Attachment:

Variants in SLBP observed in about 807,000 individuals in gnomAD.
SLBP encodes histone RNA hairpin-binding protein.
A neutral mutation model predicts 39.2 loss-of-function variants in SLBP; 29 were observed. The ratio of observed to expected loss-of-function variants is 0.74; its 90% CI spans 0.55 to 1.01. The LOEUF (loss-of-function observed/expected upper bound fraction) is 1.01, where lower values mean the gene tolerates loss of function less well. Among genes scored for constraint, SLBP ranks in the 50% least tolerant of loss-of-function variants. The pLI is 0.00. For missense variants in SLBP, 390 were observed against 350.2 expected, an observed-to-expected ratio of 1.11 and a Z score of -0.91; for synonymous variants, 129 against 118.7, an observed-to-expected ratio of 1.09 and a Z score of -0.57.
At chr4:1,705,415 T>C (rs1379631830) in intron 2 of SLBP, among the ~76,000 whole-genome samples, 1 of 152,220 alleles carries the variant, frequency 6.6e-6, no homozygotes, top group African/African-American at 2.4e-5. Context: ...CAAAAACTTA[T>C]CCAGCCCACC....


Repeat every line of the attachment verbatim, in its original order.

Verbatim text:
Variants in SLBP observed in about 807,000 individuals in gnomAD.
SLBP encodes histone RNA hairpin-binding protein.
A neutral mutation model predicts 39.2 loss-of-function variants in SLBP; 29 were observed. The ratio of observed to expected loss-of-function variants is 0.74; its 90% CI spans 0.55 to 1.01. The LOEUF (loss-of-function observed/expected upper bound fraction) is 1.01, where lower values mean the gene tolerates loss of function less well. Among genes scored for constraint, SLBP ranks in the 50% least tolerant of loss-of-function variants. The pLI is 0.00. For missense variants in SLBP, 390 were observed against 350.2 expected, an observed-to-expected ratio of 1.11 and a Z score of -0.91; for synonymous variants, 129 against 118.7, an observed-to-expected ratio of 1.09 and a Z score of -0.57.
At chr4:1,705,415 T>C (rs1379631830) in intron 2 of SLBP, among the ~76,000 whole-genome samples, 1 of 152,220 alleles carries the variant, frequency 6.6e-6, no homozygotes, top group African/African-American at 2.4e-5. Context: ...CAAAAACTTA[T>C]CCAGCCCACC....